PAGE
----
In the scramble to find a model for its post-Brexit relationship with the European Union, Britain has considered a series of options: the Norway model, the closest of all trading relationships available absent actual membership of the bloc; the Swiss model, more complicated but with more sovereignty; and the Canada model, the loosest of all.
But perhaps this has been the entirely wrong way of looking at the challenge. For too long, Brexit has been viewed as an end in itself, not a beginning. At the root of much of the back-and-forth between Brexiteers and Remainers has been the fallacy that whichever model is chosen, that will be the end of the matter—that the politics of Britain’s relationship with its continental neighbors will come to an end, the new state of affairs locked in from then on.
For most countries, this is not how international relations works. Diplomatic and economic relationships change and adapt over time. The models Britain should be contemplating, then, are not one country or another’s current trade agreements with the EU, but successful countries in themselves—countries, specifically, that have thrived in similar circumstances to those that Britain will face outside the EU.
The model Britain should be looking at, from this perspective, is not Norway’s or Switzerland’s or Canada’s trading relationship with the EU, but Canada itself: a medium-size economy flourishing next to a trading superpower; an open, multicultural democracy bound by trade agreements but not supranational institutions and law; and a country that has navigated the position in which it finds itself in the world—geographically in the New World but with ties to the old, spread out and linguistically divided, multicultural and multiethnic.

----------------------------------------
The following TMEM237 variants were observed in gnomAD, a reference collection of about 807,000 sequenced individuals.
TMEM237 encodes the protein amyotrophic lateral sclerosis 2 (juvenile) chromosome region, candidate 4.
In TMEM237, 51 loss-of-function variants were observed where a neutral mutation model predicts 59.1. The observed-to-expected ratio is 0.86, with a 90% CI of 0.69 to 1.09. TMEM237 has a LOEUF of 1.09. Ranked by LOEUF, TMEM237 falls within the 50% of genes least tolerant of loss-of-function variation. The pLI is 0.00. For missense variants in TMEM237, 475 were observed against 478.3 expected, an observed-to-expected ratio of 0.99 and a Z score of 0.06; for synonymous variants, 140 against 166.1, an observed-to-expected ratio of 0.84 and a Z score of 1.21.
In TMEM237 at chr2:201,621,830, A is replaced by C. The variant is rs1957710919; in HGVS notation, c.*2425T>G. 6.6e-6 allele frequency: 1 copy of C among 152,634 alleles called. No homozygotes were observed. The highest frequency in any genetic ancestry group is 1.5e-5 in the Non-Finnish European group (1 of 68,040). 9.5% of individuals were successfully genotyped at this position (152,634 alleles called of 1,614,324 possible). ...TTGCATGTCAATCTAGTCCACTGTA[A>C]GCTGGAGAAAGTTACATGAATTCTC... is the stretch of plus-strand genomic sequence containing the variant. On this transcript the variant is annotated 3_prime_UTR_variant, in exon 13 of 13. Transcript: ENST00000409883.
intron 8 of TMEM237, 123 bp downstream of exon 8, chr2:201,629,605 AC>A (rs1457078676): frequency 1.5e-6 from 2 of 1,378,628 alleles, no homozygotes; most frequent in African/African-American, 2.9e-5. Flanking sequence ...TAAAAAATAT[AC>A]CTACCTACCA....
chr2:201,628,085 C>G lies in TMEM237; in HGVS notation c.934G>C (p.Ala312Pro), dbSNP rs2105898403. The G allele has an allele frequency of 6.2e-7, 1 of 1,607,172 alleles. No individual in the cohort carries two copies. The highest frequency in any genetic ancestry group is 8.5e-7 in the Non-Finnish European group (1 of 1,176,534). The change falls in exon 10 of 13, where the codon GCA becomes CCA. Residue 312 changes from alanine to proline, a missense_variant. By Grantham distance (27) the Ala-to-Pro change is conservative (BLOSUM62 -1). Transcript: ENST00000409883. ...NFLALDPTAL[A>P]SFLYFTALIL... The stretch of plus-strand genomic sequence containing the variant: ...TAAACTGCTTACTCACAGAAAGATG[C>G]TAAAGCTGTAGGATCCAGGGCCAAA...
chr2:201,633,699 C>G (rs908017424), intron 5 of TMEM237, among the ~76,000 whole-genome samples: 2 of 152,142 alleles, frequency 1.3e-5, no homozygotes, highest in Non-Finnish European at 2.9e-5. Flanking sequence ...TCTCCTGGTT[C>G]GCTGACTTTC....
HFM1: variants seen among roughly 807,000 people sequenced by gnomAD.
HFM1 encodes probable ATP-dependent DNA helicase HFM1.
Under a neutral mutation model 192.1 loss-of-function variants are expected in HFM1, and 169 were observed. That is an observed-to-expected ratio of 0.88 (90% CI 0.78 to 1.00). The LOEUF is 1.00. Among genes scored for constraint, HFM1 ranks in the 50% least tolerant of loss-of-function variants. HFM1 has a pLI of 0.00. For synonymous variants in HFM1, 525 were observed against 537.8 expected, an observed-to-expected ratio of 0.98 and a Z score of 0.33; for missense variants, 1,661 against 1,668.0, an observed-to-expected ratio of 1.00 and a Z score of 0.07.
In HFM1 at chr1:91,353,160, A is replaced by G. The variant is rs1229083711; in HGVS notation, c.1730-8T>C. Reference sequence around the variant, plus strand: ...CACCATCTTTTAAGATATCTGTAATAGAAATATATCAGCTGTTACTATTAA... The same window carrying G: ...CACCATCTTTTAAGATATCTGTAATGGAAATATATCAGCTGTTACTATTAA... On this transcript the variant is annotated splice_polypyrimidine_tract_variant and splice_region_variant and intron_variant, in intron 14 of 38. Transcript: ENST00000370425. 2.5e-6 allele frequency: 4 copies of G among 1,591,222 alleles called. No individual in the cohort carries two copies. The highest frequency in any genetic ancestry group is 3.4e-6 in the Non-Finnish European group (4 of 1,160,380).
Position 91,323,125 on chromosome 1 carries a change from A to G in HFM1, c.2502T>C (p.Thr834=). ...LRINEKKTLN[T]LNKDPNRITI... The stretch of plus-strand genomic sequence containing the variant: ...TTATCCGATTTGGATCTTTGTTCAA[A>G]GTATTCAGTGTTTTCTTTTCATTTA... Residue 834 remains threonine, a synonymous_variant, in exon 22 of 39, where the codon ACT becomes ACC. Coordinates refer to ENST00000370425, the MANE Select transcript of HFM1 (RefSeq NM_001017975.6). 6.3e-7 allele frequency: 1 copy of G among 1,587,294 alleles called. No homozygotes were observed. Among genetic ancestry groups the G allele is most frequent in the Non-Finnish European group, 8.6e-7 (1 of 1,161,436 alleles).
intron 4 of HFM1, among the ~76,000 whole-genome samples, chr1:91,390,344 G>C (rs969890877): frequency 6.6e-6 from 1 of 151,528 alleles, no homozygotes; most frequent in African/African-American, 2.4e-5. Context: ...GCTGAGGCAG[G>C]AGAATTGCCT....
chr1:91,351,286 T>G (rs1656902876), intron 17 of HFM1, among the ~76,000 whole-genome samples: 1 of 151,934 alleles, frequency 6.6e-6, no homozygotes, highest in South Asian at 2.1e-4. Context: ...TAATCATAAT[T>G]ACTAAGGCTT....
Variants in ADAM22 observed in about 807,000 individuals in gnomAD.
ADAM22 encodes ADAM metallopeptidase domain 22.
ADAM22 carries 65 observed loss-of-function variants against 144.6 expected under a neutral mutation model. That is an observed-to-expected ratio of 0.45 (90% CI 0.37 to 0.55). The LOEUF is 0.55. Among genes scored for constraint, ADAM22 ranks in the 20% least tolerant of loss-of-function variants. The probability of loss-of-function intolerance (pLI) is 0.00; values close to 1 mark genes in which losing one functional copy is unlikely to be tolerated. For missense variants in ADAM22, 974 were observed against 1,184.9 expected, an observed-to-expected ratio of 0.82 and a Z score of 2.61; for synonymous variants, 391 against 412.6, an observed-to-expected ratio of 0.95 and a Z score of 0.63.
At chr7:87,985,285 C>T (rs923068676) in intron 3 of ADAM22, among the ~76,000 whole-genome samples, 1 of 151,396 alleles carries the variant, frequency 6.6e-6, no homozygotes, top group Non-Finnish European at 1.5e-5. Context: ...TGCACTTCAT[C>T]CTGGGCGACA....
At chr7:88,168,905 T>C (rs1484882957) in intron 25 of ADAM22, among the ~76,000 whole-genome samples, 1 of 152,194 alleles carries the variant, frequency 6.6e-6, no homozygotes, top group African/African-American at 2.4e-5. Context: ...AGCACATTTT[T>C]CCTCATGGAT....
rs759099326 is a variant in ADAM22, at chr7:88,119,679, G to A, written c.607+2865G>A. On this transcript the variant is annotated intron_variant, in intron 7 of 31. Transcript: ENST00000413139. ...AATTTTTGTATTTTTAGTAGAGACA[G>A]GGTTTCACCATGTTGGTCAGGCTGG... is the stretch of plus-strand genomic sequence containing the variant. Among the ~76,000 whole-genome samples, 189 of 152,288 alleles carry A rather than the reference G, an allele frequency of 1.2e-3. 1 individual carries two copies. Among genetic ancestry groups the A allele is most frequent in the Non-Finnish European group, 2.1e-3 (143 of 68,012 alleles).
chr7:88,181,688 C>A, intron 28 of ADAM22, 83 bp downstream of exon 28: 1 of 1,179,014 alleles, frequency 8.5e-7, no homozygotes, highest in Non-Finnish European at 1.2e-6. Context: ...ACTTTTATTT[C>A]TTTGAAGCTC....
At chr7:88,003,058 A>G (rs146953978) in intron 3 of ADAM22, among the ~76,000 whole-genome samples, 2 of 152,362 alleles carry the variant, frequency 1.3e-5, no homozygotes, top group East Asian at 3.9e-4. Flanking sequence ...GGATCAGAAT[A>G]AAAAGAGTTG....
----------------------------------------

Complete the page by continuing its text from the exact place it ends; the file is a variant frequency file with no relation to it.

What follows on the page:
Canada has morphed from “senior dominion” in the British empire, in the words of the Canadian historian Margaret MacMillan, a professor at the University of Oxford, to a successful independent nation. Its steps along the way and the place it now occupies in the world offer lessons to its former mother country, which finds itself poorer per head, more at risk of disintegration, and less sure of how to balance its economic and geopolitical challenges than the place it once ran. Ultimately, the lessons from Ottawa offer both hope for London and warnings of the challenges ahead.
First, the challenges. Canada did not emerge as an independent nation through war or revolution; rather, it grew into a country over time, from disparate colonial possessions to a self-governing federation to, finally, a fully sovereign state in 1982. For much of its existence, Canada has been something of an adolescent, neither fully independent of its colonial power nor entirely dependent on it either. Its foreign policy was largely directed from London until well into the 20th century, but its existential concerns were distinct from those of Westminster.
This semi-independent status presented Canada with an overarching challenge: how to maintain good relations with the two principal powers that affected it, Britain and the United States. In MacMillan’s seminal work on the Paris Peace Conference, Peacemakers, she sets out how this goal was born out of self-interest. Ottawa, MacMillan writes, had “a recurring nightmare” following Britain’s 1902 Anglo-Japanese Alliance that it might find itself fighting as part of the British empire alongside its new ally, Japan, in a war against the United States. Simple geography meant that Canadian and British interests were not the same, and, in fact, were diverging. Even when Canadian and American interests came into conflict, Britain could not be relied on to defend Ottawa’s position—after all, London had good relations with Washington to consider.
This reality saw Canada begin to adopt its own positions, negotiating and signing its first international treaty independent of Britain in 1923 (a treaty regarding halibut fishing rights in the Pacific). The Canadian Encyclopedia, a national publication on Canadian history, describes this treaty as the moment that most clearly signaled the shift taking place in Canadian politics, “from one focussed on being a part of the British Empire, to one that was more pan-Canadian,” while also indicating Canada’s “shifting economic focus during the 1920s from Britain to the U.S.”